Thursday, June 25, 2009

First lines, contd.

As a technical matter, I'm fascinated by my work on the opening lines -- how it has me thinking in more focused ways about theme and plot and character and voice and deciding which is predominant in this book and what needs to be signaled at the beginning. As a practical matter, it's pretty scary, for reasons I stated before.

Yesterday afternoon I read through the first grafs of several books, noticing how they function differently. That inspired me to make a few more attempts at mine in addition to the several I wrote yesterday morning. I also read them all to my wife and talked them over with her.

Basically, I'm torn between a story-telling opening and a scene-setting opening. (And, if the former, being clear on which aspect of the story I'm opening with.) My head and my wife are telling me the former works better. But I continue to be in love with the scene-setting openings I've written, which my wife keeps telling me don't work. Maybe mine don't work now, but I'm drawn to them for some reason, and I think it can work if I figure it out.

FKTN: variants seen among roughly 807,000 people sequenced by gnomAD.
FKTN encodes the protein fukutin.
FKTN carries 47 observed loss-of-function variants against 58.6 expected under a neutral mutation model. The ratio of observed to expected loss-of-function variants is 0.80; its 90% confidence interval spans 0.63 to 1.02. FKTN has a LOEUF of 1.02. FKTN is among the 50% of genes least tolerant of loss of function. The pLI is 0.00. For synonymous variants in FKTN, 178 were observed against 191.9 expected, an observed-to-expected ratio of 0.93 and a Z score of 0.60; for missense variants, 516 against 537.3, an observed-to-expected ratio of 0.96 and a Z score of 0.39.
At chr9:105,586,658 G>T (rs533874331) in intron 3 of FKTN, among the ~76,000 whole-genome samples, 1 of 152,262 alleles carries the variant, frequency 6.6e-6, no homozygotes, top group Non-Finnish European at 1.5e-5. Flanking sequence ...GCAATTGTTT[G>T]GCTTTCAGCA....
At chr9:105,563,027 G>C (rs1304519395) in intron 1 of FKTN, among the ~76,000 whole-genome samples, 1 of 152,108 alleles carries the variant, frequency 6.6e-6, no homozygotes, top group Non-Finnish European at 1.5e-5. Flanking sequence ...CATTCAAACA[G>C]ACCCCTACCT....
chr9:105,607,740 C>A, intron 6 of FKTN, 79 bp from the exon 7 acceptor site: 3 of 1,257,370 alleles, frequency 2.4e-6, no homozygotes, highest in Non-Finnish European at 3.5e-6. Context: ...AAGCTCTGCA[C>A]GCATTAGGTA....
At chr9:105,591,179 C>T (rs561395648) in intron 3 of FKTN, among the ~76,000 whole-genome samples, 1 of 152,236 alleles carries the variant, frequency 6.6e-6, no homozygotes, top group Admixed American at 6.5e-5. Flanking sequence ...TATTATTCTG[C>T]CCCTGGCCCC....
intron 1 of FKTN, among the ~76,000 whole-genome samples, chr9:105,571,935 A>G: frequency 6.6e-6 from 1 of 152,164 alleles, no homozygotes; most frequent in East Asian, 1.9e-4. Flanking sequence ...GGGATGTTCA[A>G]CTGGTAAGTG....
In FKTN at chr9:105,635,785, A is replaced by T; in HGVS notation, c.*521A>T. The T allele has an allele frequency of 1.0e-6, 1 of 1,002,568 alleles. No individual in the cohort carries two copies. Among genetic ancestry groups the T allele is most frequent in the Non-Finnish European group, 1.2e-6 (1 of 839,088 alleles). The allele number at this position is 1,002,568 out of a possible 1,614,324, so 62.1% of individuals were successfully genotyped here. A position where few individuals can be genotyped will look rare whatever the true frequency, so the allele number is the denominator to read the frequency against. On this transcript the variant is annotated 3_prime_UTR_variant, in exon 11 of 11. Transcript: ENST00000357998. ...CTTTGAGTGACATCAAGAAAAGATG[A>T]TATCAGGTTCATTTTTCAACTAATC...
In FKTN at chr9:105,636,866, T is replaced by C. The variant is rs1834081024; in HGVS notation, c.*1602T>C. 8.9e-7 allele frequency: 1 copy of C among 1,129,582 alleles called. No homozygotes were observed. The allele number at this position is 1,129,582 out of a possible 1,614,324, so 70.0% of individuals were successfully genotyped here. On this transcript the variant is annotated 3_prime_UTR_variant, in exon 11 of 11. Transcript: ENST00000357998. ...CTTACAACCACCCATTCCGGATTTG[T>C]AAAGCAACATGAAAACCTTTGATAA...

I'm thinking especially of the opening grafs of A Thousand Acres by Jane Smiley. When I read that over yesterday, I was amazed and a little uncomfortable with how similar it sounded to the scene-setting opening I had drafted earlier in the day. There's an unconscious influence there I guess. Functionally, there's really no story in those opening grafs. It's all geography. Literally, it gives the lay of the land. Which would seem to be an unnecessarily long way around to starting the story, but what it does is establish the voice and sound a thematic note about the perspective and presumptions that the narrator is starting with and that we are getting a hint of a challenge to. It works.

Well, even though I'm drawn to my attempt at something similar, I started this morning by typing in one of the more vivid and tactile of the story-telling openings that I came up with. That works too--for sure and right now for this book. I returned to working on the computer and doing a lot of the patching that I complained about the other day. At certain points where I have to rewrite because of how I'm combining two episodes, I was able to get in the zone OK and produce it on the computer and then move on to patching in the next section.

Still, it's slower work than I want at this point. I got through about 11 pp. Since this four chapter section that I'm reorganizing is 75 pp., it's looking like a longer journey than I planned on for this draft.

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